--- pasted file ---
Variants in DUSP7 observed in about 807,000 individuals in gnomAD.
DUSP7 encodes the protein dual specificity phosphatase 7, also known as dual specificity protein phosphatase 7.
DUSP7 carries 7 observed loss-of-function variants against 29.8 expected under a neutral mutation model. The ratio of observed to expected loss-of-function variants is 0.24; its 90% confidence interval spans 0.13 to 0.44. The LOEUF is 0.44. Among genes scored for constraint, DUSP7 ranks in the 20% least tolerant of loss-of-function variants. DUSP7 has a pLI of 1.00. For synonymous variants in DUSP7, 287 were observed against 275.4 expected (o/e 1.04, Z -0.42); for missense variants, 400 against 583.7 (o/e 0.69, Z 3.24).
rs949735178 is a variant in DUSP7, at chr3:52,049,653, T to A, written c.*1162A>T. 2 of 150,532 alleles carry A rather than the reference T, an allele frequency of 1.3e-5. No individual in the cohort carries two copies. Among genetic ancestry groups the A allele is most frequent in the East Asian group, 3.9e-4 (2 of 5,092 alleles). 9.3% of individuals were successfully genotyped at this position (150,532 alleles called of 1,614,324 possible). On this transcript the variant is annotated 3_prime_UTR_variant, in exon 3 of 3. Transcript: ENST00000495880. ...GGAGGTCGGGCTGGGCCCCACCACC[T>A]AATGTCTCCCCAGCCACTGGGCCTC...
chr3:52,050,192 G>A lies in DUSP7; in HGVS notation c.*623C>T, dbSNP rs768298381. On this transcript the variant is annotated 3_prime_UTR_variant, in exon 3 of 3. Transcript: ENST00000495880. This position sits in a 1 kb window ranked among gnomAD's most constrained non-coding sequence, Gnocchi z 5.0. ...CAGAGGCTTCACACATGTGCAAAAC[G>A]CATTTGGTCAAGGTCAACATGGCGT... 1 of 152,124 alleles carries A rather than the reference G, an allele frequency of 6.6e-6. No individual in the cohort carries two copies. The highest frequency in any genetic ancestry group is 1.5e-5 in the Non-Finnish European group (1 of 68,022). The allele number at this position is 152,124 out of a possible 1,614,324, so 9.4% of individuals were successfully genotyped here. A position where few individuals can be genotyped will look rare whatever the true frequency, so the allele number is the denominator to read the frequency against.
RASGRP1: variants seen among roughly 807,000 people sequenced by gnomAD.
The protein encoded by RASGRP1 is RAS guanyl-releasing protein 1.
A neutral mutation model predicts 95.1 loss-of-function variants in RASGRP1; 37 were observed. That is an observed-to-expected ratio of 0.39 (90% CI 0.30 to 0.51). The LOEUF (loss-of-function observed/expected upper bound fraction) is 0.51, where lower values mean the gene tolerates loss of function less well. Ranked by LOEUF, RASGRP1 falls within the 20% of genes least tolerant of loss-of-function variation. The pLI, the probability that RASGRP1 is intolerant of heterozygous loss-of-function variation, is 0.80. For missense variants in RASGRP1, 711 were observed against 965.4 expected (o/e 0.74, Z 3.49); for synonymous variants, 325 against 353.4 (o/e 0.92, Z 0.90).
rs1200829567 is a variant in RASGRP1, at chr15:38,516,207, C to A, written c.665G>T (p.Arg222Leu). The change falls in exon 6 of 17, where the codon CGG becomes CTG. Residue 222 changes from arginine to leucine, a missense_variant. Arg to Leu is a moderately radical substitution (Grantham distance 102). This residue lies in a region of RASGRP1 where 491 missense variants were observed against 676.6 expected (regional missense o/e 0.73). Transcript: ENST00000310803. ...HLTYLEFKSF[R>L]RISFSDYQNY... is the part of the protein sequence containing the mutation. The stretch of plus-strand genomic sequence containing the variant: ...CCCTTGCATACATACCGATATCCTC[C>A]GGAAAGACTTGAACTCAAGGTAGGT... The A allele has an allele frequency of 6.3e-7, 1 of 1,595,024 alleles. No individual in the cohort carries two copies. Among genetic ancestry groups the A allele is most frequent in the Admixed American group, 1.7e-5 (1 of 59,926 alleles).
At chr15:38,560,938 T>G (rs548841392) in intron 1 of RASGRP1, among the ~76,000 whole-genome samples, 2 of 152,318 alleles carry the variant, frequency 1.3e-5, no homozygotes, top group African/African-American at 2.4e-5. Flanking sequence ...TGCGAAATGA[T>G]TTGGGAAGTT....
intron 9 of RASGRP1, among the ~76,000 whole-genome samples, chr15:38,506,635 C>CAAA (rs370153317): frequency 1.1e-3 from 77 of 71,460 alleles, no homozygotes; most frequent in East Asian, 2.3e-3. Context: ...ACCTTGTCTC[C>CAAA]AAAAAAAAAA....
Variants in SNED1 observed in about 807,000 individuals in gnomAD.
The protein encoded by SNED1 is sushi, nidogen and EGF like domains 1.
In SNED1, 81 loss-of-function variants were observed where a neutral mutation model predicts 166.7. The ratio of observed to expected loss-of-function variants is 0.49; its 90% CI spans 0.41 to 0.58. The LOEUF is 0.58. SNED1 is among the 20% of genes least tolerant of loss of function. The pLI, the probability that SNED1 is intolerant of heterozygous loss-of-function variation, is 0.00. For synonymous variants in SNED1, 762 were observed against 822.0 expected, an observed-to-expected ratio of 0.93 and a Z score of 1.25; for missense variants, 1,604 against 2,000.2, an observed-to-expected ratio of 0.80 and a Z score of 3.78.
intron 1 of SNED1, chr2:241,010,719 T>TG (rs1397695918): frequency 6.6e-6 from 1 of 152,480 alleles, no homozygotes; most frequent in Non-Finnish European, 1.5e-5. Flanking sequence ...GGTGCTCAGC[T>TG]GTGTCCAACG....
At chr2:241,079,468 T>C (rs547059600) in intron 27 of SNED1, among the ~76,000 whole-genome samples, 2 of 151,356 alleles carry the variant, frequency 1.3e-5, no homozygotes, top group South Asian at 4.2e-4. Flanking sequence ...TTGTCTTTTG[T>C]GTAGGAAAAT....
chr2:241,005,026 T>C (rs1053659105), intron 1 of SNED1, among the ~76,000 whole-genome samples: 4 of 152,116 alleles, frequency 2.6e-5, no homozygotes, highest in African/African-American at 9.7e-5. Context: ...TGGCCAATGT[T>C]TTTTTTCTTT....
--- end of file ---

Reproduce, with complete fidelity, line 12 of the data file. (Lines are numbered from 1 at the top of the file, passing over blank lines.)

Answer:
Variants in SNED1 observed in about 807,000 individuals in gnomAD.